One of the insights of the massive amount of recent scholarship in liturgical history is that what we may have once held as a straight line of ritual development is simply not the case. Not only was plurality of liturgical practice apparent in the earliest centuries fairly common knowledge now, but for centuries local adaptations – inculturation – was not only practiced but recorded as such in writing. One inculturated version of the Roman Rite is from the south of England, the Sarum Use (Sarum being the Latin name for what is more commonly now called Salisbury). The Sarum Use was found at Salisbury Cathedral, of course, but had an import far beyond that geographical area, first showing up in written form in the 11th century and ‘officially’ ending in the 16th century. Thomas Cranmer, in drawing up a vernacular English liturgy, began his early liturgical constructions with heavy reliance on the Sarum Use which he undoubtedly knew from personal engagement – both in official liturgical ceremonial as well as popular religiosity – which meant it crossed both geographical as well as ecclesial lines by the mid-16th century.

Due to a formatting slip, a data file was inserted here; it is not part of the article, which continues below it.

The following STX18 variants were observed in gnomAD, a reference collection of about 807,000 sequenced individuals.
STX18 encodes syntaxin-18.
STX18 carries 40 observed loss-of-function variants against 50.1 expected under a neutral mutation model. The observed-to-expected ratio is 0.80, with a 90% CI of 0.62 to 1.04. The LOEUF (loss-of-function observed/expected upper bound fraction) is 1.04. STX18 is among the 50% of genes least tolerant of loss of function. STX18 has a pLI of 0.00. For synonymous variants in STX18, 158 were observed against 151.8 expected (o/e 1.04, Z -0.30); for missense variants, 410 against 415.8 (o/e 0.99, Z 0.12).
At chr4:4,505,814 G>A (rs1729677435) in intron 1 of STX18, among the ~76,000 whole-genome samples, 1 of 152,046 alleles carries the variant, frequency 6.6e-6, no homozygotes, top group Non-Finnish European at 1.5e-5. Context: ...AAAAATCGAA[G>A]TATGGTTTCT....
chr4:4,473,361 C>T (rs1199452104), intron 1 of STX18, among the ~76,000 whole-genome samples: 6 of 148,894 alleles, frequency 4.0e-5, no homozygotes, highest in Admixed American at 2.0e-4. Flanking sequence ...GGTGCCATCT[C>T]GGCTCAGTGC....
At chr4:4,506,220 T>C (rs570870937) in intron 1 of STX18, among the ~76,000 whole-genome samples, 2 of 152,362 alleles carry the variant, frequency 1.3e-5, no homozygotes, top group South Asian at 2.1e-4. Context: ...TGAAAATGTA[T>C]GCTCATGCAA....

In recent years, there has been a resurgence of interest in the music of the Sarum rites, as well as some of the ritual aspects different from the more standardized Tridentine Rites of the 16th century. The Sarum Usage, musically and ritually, is complex and multi-layered, with echoes of medieval Latin Roman rites, elements from Gallican traditions and perhaps Eastern rites. Salisbury Cathedral itself serves as an incubator for the resurgence of Sarum practices, championed by their now-retired canon precentor of many years, Jeremy Davies, and The Royal School of Church Music’s John Harper. The musical and ritual interests spread to North America, particularly with musical aspects in Eastern Canada centred in universities and ritual aspects in the US, which has fostered a series of workshops, concerts, and above all, the reincorporation of Sarum elements into some Anglican parish liturgies, and occasionally in Roman Catholic liturgies. From these interests emerged what is known as the “American Sarum” movement, defined on their own webpage as “an on-going liturgical and musical laboratory examining Anglican liturgy and music which has been bequeathed to us from the medieval liturgies of Salisbury Cathedral.” (americansarum.org) The history and liturgical theology of the ‘movement’ has been published in a helpful book titled American Sarum: The Liturgy of Christ Church Bronxville, New York Within the History of Anglican Worship by the late Cody C. Unterseher in 2011.